Sunday, January 25, 2015

Premonitions: Rocky Juarez vs. Robinson Castellanos

By Peter Lim

Rocky Juarez vs. Robinson Castellanos
Jan. 26, Cowboys Dance Hall, San Antonio, Texas
TV: Fox Sports

Pick: Juarez

Unless Juarez steps into the ring at anywhere less than 75 percent capacity even at this late stage of his career, this fight will be a mismatch. Juarez is almost never in an easy fight, but this will be the one exception. Simply put, Castellanos' street-fighting style is custom made for Juarez.

Anyone who stands in the pocket and trades with Juarez is just looking for trouble and Castellanos doesn't know how to fight any other way. In addition, he punches wide like a back-alley brawler, leaving himself open to shorter, sharper leads and counters.

Look for Juarez to end the fight with a single left hook somewhere between rounds four and seven.

Read the preview of the fight in The Houston Chronicle


Once again, couldn't have been more wrong. How could Juarez have looked so rejuvenated against the guy who dismantled and destroyed Castellanos and so shopworn against Castellanos himself?

Saturday, January 24, 2015

Premonitions: Brandon Rios vs. Mike Alvarado III

By Peter Lim

Brandon Rios vs. Mike Alvarado III
Jan. 24, 1st Bank Center, Broomfield, Colorado

Pick: Mike Alvarado

There are numerous intangibles in this fight – cuts, fouls, altitude, training disruptions (reported and unreported), machismo, etc. – but the winner essentially boils down to the fighter whose goods are less damaged at this juncture of their careers; and that is … Alvarado.

Both have been in their share of wars over the years in which they have dished out and absorbed a horrendous amount of brutality, but Rios, because of his stronger chin, has subjected himself to more sustained punishment that leads to longer lasting damage. The frailer Alvarado, on the other hand, has folded under the intense artillery that Rios was able to withstand, sparing him from the more prolonged beatings that Rios has endured. So ironically, Alvarado, on account of his weaker chin, will enter the ring the fresher, less shopworn of the two, albeit not by much.

The rubber match will simply be a repeat of Rios-Alvarado II, unless Rios can somehow lure Alvarado into the trenches and force a toe-to-toe slugfest as he did in their first encounter. Duplicating and refining his game plan from their last fight, Alvarado will sharp shoot from long range and, at opportune moments, sneak in, unload and sneak out before Rios can effectively return fire en route to a clear-cut decision victory.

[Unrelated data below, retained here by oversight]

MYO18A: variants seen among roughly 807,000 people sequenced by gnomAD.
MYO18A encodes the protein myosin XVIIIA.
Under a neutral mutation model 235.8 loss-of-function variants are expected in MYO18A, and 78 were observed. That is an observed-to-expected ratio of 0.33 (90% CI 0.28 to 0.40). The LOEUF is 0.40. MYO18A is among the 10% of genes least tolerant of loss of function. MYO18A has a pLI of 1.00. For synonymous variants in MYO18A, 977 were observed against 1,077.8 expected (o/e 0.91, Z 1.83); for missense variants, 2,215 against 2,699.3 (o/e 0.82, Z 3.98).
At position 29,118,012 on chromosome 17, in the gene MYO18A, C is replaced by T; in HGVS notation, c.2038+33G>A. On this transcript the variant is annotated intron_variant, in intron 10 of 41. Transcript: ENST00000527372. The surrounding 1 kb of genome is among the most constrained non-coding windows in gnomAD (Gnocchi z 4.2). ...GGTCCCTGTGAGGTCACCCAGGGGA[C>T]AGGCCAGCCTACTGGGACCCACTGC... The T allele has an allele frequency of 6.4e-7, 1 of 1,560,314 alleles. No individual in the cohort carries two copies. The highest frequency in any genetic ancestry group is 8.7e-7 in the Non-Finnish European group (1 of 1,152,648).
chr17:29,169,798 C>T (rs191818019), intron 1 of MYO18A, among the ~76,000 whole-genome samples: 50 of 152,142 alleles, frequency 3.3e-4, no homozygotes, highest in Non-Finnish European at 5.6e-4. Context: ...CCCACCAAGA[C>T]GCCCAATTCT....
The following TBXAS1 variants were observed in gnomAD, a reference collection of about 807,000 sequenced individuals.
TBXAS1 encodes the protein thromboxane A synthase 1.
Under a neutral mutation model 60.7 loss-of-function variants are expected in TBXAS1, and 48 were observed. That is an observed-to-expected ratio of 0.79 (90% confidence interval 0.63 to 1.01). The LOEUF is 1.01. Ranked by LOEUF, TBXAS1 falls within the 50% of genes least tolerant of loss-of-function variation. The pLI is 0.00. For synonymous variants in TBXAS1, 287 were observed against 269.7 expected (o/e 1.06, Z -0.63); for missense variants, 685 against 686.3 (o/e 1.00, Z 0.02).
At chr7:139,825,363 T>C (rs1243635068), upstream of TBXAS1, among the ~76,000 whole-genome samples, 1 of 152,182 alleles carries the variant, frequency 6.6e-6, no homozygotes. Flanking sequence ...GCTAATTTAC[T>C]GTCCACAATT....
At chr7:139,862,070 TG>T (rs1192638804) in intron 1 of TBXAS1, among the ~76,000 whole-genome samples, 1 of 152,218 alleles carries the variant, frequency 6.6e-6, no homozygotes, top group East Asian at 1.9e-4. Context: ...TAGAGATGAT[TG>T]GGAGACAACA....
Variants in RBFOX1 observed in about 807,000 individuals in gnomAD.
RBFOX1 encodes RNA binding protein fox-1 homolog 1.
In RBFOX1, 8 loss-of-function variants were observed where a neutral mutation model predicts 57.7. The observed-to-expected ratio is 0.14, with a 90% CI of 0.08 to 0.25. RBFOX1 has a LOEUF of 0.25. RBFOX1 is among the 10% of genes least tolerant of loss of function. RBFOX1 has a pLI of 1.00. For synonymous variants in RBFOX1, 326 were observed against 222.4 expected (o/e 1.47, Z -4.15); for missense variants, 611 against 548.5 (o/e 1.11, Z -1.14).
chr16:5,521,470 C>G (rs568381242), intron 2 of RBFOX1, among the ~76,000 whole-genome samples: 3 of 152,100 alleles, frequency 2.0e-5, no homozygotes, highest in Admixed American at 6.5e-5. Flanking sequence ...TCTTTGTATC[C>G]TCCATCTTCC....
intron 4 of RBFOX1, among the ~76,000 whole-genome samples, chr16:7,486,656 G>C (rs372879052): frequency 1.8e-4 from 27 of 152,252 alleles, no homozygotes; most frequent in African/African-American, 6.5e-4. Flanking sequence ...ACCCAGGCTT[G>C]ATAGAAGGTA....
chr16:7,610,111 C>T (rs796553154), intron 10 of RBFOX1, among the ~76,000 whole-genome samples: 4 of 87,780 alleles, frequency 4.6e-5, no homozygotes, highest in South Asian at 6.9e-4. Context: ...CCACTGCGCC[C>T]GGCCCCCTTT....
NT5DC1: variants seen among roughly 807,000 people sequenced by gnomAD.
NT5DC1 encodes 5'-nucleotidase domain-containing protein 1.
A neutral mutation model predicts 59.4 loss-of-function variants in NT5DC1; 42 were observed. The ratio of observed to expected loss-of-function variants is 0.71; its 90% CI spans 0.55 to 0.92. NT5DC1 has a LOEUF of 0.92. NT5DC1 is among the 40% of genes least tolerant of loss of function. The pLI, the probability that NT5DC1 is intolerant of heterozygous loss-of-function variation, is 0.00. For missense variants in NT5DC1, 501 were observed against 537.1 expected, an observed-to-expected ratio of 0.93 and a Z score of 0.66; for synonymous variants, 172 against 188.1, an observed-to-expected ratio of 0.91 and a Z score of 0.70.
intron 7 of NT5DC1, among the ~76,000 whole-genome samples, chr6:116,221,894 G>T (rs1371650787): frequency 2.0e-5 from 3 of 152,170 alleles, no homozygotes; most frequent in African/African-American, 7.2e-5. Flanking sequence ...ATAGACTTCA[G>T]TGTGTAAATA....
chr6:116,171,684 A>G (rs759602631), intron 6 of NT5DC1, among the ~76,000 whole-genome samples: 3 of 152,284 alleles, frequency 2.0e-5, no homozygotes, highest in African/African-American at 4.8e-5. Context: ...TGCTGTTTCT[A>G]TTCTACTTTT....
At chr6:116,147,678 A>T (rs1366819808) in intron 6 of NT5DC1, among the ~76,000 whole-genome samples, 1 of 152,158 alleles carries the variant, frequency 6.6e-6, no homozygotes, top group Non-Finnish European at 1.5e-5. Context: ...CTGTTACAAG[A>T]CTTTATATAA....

I couldn't have been more wrong on this one. Rios looked fresh as a daisy, like he had erased the wear and tear of all his previous wars and started from a clean slate. Alvarado on the hand stepped into the ring looking like his fight against Juan Manuel Marquez happened just last night.

Wednesday, January 7, 2015

Premonitions: Wilder vs. Stiverne

By Peter Lim

Bermane Stiverne vs. Deontay Wilder
Jan. 17, 2015, MGM Grand, Las Vegas Nevada

Pick: Wilder

Styles make fights and this one is a no-brainer. Here we have two guys with more or less the same modus operandi; both are classical boxers who deploy their jabs to set up mind-numbing rights. One stands at six-foot-eight, the other six-foot-two and neither is significantly faster than the other. Guess who gets his punches off first? While Stiverne's tuck-and-roll defense can neutralize the firepower of sluggers like Chris Arreola, it is much less effective against long-range straight shooters like Wilder. Unless Stiverne has some ace up his sleeve to close the distance that we've never seen before, Wilder will easily outbox him to win a lopsided decision or late-round stoppage.

Post-fight commentary 

Result: Deontay Wilder W12 Bermane Stiverne

If these were the two best heavyweights on this side of the Atlantic, the elite action in the division is going to remain in Europe for a while, not that the talent pool runs very deep over there either. Despite the pre-fight hype that undoubtedly led to its high ratings, Stiverne-Wilder did little to generate excitement in the heavyweight division on this hemisphere.

Stiverne proved he had a torpedo-proof chin but that was about it. But if his chin was made of concrete, so it seemed, were his feet as he was unveiled as plodding and one-dimensional with little ability or even willingness to adjust.

As slow-footed as Stiverne was, he nevertheless showed that all you had to do to close the distance against Wilder was to move forward, no feinting or bobbing and weaving required. Wilder displayed a long stiff jab but more often than not, he used his left to paw, poke and prod, exposing himself to counters that more versatile fighters would have exploited.